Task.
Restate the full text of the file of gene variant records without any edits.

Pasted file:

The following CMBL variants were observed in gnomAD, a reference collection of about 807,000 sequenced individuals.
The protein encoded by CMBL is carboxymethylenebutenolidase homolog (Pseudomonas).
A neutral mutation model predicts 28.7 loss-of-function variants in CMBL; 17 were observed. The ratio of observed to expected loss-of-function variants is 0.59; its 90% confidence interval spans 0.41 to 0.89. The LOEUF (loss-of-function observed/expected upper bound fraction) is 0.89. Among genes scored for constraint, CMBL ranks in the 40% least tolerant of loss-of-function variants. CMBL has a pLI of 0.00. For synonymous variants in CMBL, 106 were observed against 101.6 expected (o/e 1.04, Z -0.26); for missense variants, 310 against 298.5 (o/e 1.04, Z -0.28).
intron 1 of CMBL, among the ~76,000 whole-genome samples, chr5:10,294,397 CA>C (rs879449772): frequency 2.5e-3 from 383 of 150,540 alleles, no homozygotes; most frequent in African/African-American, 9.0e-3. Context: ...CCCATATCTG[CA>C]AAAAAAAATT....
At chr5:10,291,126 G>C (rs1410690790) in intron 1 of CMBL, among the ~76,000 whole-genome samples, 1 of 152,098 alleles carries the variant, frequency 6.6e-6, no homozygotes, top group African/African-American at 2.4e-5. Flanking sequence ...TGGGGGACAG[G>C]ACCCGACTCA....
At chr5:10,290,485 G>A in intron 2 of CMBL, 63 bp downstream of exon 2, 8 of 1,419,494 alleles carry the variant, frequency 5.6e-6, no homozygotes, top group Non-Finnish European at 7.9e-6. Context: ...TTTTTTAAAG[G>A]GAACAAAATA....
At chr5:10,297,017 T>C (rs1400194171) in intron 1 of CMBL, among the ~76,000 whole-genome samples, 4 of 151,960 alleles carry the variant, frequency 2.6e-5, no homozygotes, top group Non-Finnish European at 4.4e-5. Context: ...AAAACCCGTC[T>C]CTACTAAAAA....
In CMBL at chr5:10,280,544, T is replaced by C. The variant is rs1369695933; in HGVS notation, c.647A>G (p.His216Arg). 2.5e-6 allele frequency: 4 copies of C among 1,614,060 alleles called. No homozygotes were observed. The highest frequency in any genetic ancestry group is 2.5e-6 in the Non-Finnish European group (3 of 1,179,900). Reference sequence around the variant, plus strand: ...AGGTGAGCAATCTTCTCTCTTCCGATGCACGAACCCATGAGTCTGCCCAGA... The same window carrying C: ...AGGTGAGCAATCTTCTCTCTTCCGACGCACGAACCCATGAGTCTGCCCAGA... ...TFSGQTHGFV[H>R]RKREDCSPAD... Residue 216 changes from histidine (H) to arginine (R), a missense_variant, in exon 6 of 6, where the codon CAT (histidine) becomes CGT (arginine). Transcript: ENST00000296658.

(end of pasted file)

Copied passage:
The following CMBL variants were observed in gnomAD, a reference collection of about 807,000 sequenced individuals.
The protein encoded by CMBL is carboxymethylenebutenolidase homolog (Pseudomonas).
A neutral mutation model predicts 28.7 loss-of-function variants in CMBL; 17 were observed. The ratio of observed to expected loss-of-function variants is 0.59; its 90% confidence interval spans 0.41 to 0.89. The LOEUF (loss-of-function observed/expected upper bound fraction) is 0.89. Among genes scored for constraint, CMBL ranks in the 40% least tolerant of loss-of-function variants. CMBL has a pLI of 0.00. For synonymous variants in CMBL, 106 were observed against 101.6 expected (o/e 1.04, Z -0.26); for missense variants, 310 against 298.5 (o/e 1.04, Z -0.28).
intron 1 of CMBL, among the ~76,000 whole-genome samples, chr5:10,294,397 CA>C (rs879449772): frequency 2.5e-3 from 383 of 150,540 alleles, no homozygotes; most frequent in African/African-American, 9.0e-3. Context: ...CCCATATCTG[CA>C]AAAAAAAATT....
At chr5:10,291,126 G>C (rs1410690790) in intron 1 of CMBL, among the ~76,000 whole-genome samples, 1 of 152,098 alleles carries the variant, frequency 6.6e-6, no homozygotes, top group African/African-American at 2.4e-5. Flanking sequence ...TGGGGGACAG[G>C]ACCCGACTCA....
At chr5:10,290,485 G>A in intron 2 of CMBL, 63 bp downstream of exon 2, 8 of 1,419,494 alleles carry the variant, frequency 5.6e-6, no homozygotes, top group Non-Finnish European at 7.9e-6. Context: ...TTTTTTAAAG[G>A]GAACAAAATA....
At chr5:10,297,017 T>C (rs1400194171) in intron 1 of CMBL, among the ~76,000 whole-genome samples, 4 of 151,960 alleles carry the variant, frequency 2.6e-5, no homozygotes, top group Non-Finnish European at 4.4e-5. Context: ...AAAACCCGTC[T>C]CTACTAAAAA....
In CMBL at chr5:10,280,544, T is replaced by C. The variant is rs1369695933; in HGVS notation, c.647A>G (p.His216Arg). 2.5e-6 allele frequency: 4 copies of C among 1,614,060 alleles called. No homozygotes were observed. The highest frequency in any genetic ancestry group is 2.5e-6 in the Non-Finnish European group (3 of 1,179,900). Reference sequence around the variant, plus strand: ...AGGTGAGCAATCTTCTCTCTTCCGATGCACGAACCCATGAGTCTGCCCAGA... The same window carrying C: ...AGGTGAGCAATCTTCTCTCTTCCGACGCACGAACCCATGAGTCTGCCCAGA... ...TFSGQTHGFV[H>R]RKREDCSPAD... Residue 216 changes from histidine (H) to arginine (R), a missense_variant, in exon 6 of 6, where the codon CAT (histidine) becomes CGT (arginine). Transcript: ENST00000296658.